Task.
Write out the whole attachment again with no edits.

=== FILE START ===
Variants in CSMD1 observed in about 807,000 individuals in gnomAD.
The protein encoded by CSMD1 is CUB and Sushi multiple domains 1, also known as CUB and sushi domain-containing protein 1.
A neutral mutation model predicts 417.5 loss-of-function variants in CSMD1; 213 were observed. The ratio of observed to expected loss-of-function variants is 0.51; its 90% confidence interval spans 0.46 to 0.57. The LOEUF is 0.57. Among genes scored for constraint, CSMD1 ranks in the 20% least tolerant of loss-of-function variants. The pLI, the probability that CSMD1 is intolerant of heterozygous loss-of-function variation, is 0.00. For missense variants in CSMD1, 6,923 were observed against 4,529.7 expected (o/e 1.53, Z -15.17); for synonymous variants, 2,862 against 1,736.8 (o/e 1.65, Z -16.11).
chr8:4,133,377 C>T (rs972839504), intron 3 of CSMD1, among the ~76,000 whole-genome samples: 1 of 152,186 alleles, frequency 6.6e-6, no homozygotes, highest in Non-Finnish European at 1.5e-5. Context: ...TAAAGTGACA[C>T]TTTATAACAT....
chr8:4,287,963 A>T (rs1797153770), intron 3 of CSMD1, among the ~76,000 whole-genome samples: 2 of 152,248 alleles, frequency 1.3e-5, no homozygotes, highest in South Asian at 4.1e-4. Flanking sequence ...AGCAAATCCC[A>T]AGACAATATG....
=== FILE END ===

Variants in CSMD1 observed in about 807,000 individuals in gnomAD.
The protein encoded by CSMD1 is CUB and Sushi multiple domains 1, also known as CUB and sushi domain-containing protein 1.
A neutral mutation model predicts 417.5 loss-of-function variants in CSMD1; 213 were observed. The ratio of observed to expected loss-of-function variants is 0.51; its 90% confidence interval spans 0.46 to 0.57. The LOEUF is 0.57. Among genes scored for constraint, CSMD1 ranks in the 20% least tolerant of loss-of-function variants. The pLI, the probability that CSMD1 is intolerant of heterozygous loss-of-function variation, is 0.00. For missense variants in CSMD1, 6,923 were observed against 4,529.7 expected (o/e 1.53, Z -15.17); for synonymous variants, 2,862 against 1,736.8 (o/e 1.65, Z -16.11).
chr8:4,133,377 C>T (rs972839504), intron 3 of CSMD1, among the ~76,000 whole-genome samples: 1 of 152,186 alleles, frequency 6.6e-6, no homozygotes, highest in Non-Finnish European at 1.5e-5. Context: ...TAAAGTGACA[C>T]TTTATAACAT....
chr8:4,287,963 A>T (rs1797153770), intron 3 of CSMD1, among the ~76,000 whole-genome samples: 2 of 152,248 alleles, frequency 1.3e-5, no homozygotes, highest in South Asian at 4.1e-4. Flanking sequence ...AGCAAATCCC[A>T]AGACAATATG....